• Artichoke

    ARTICHOKE. Artichokes are vegetables that have a very delicate flavor. There are three different kinds of artichokes: the globe, the Jerusalem, and the Chinese or Japanese. The globe and the Jerusalem artichokes are members of the Composite family like the aster, daisy, and sunflower.

    The globe artichoke is also called the French or bur artichoke. A native of the Mediterranean region, today it is grown chiefly in the United States and Europe. California produces most of the United State crop, but some are grown in the southern states.

    The plants are gray-green and look like this-das. They have long prickly leaves large clusters of white or lavender flowers. The plant parts that are eaten are the tender base of the flower bud (often three to four inches in diameter) and the thick, soft parts of the leaves around the bud. These parts are cut while the buds are still tightly closed.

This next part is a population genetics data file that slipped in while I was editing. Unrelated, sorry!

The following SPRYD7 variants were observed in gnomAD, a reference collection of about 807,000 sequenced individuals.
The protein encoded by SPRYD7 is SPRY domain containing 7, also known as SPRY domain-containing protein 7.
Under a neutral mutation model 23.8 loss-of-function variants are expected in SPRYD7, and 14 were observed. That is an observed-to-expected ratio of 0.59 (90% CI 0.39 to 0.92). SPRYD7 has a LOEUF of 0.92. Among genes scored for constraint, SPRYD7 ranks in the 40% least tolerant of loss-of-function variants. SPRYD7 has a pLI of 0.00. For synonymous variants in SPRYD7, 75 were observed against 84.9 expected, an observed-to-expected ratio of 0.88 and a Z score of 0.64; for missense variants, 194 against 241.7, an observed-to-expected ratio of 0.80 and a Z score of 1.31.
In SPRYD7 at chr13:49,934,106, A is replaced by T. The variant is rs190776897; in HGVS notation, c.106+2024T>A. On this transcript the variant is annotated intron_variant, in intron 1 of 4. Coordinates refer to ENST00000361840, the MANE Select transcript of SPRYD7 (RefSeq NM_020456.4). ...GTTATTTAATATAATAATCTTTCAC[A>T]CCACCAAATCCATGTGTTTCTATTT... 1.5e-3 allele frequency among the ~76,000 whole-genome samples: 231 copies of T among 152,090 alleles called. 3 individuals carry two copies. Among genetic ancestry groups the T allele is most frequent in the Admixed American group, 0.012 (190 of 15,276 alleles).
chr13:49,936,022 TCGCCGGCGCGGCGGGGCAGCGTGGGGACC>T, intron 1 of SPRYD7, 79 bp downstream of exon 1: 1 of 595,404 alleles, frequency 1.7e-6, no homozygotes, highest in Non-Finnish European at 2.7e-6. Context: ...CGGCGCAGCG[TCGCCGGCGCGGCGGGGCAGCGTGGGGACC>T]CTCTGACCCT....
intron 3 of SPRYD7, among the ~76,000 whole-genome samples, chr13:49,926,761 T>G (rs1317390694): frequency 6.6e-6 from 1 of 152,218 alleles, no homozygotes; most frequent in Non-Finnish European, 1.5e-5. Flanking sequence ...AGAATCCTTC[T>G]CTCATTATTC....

They are sold fresh or canned, and are eaten boiled, baked, fried, stuffed, or in salads or soups.

    New plants usually are grown from sprouts or shoots from older ones. Plants may live for many years, but those raised for sale usually are replanted every three or four years.

    The Jerusalem artichoke may grow 12 feet tall, and has yellow, sunflower like blossoms. It grows wild in eastern and central North America. Sometimes it is a troublesome weed because it reproduces from seed and from many small, underground, potato like tubers. The tubers are eaten raw or prepared like potatoes. In France the plant also is used as feed for stock.

    The Chinese or Japanese artichoke, a member of the Mint family, comes from eastern Asia. Its tubers may be eaten, but it is not an important crop in the United States.

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